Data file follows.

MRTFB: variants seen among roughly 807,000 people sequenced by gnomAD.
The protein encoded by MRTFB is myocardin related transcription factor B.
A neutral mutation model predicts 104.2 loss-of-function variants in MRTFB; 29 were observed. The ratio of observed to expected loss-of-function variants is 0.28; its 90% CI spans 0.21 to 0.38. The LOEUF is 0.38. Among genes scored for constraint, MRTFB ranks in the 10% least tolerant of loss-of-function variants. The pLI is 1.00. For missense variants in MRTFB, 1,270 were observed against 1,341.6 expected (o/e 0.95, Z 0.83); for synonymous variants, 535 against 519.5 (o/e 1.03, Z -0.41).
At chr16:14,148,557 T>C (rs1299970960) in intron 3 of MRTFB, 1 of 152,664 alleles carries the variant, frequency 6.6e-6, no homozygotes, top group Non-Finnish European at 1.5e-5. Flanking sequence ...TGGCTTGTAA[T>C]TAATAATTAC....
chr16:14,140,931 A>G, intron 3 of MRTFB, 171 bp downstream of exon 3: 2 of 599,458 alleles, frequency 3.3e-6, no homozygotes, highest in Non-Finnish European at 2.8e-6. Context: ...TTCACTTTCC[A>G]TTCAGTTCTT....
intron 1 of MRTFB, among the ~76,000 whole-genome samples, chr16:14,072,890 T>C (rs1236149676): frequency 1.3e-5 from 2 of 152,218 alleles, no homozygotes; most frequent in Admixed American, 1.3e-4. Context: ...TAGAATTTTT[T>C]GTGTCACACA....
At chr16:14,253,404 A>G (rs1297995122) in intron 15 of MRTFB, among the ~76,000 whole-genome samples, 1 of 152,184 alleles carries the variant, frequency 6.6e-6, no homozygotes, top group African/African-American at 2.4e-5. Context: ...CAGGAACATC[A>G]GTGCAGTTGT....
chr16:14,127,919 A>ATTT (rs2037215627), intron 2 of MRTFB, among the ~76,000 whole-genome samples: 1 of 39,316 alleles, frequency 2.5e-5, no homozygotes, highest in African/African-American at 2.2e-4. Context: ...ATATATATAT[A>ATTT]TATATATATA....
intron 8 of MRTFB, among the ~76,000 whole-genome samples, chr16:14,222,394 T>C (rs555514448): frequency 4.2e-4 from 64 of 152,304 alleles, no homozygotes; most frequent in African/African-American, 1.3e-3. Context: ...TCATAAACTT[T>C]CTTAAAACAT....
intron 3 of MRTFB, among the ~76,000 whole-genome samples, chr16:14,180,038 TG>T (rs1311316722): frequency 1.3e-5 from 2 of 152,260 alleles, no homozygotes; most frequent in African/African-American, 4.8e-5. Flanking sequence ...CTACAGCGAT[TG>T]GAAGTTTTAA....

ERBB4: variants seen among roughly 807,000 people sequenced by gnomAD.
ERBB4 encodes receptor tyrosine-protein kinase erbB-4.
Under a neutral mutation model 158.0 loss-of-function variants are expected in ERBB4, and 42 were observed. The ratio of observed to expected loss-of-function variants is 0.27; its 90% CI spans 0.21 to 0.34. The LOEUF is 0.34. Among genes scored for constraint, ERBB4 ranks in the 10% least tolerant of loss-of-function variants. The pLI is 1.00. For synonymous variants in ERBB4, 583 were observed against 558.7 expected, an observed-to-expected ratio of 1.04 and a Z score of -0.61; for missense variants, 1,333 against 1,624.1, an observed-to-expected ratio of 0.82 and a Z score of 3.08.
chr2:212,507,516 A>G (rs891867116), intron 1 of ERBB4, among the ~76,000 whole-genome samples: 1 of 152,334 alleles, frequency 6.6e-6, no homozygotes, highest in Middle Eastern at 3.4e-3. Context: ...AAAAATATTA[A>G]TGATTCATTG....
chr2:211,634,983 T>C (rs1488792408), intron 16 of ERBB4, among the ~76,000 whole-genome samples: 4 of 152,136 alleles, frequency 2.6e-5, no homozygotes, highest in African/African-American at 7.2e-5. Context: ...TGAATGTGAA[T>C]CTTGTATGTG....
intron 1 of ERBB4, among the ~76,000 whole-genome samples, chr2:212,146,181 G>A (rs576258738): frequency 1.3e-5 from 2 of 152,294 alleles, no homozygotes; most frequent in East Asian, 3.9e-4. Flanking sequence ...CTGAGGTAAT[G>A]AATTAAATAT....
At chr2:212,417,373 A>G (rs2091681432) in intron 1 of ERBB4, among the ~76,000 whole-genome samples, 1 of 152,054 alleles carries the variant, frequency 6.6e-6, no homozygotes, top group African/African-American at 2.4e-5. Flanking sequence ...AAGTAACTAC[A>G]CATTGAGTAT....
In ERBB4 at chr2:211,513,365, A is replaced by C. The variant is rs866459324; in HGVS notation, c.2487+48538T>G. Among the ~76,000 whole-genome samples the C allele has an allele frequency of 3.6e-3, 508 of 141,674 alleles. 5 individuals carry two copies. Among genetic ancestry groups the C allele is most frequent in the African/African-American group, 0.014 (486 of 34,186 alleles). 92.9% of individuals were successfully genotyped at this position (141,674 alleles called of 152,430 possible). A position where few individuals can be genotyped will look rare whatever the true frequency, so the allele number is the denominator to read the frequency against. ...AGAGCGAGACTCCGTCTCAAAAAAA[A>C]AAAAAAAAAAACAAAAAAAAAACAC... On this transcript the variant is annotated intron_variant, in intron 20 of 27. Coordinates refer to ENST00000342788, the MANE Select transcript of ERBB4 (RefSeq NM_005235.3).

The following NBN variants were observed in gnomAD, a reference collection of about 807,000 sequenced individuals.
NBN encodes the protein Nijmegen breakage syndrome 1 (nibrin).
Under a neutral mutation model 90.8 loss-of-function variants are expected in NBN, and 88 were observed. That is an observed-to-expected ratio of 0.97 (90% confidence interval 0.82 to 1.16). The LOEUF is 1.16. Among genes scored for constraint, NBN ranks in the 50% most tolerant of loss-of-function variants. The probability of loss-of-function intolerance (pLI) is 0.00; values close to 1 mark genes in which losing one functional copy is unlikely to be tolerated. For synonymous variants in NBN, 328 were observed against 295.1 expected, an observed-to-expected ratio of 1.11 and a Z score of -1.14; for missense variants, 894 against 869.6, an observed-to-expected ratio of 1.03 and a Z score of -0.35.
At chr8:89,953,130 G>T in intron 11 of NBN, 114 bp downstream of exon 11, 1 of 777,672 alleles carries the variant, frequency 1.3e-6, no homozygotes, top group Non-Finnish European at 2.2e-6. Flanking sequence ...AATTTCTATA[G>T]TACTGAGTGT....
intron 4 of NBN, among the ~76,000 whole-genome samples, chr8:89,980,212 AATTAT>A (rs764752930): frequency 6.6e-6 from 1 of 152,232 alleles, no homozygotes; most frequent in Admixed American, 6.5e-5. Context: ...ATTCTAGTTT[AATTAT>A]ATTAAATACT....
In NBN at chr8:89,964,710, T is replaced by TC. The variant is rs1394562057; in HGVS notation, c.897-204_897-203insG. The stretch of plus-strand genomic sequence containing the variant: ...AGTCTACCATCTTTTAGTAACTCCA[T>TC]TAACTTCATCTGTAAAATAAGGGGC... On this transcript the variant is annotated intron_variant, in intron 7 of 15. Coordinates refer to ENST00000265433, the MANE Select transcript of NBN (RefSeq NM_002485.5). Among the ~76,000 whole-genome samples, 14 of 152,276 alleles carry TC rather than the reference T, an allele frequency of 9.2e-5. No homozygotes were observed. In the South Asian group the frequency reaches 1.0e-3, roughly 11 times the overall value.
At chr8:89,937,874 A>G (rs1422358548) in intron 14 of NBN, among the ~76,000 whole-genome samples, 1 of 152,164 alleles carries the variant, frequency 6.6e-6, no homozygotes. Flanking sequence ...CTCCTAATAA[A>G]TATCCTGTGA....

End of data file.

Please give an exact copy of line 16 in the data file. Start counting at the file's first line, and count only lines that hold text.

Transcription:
intron 1 of ERBB4, among the ~76,000 whole-genome samples, chr2:212,146,181 G>A (rs576258738): frequency 1.3e-5 from 2 of 152,294 alleles, no homozygotes; most frequent in East Asian, 3.9e-4. Flanking sequence ...CTGAGGTAAT[G>A]AATTAAATAT....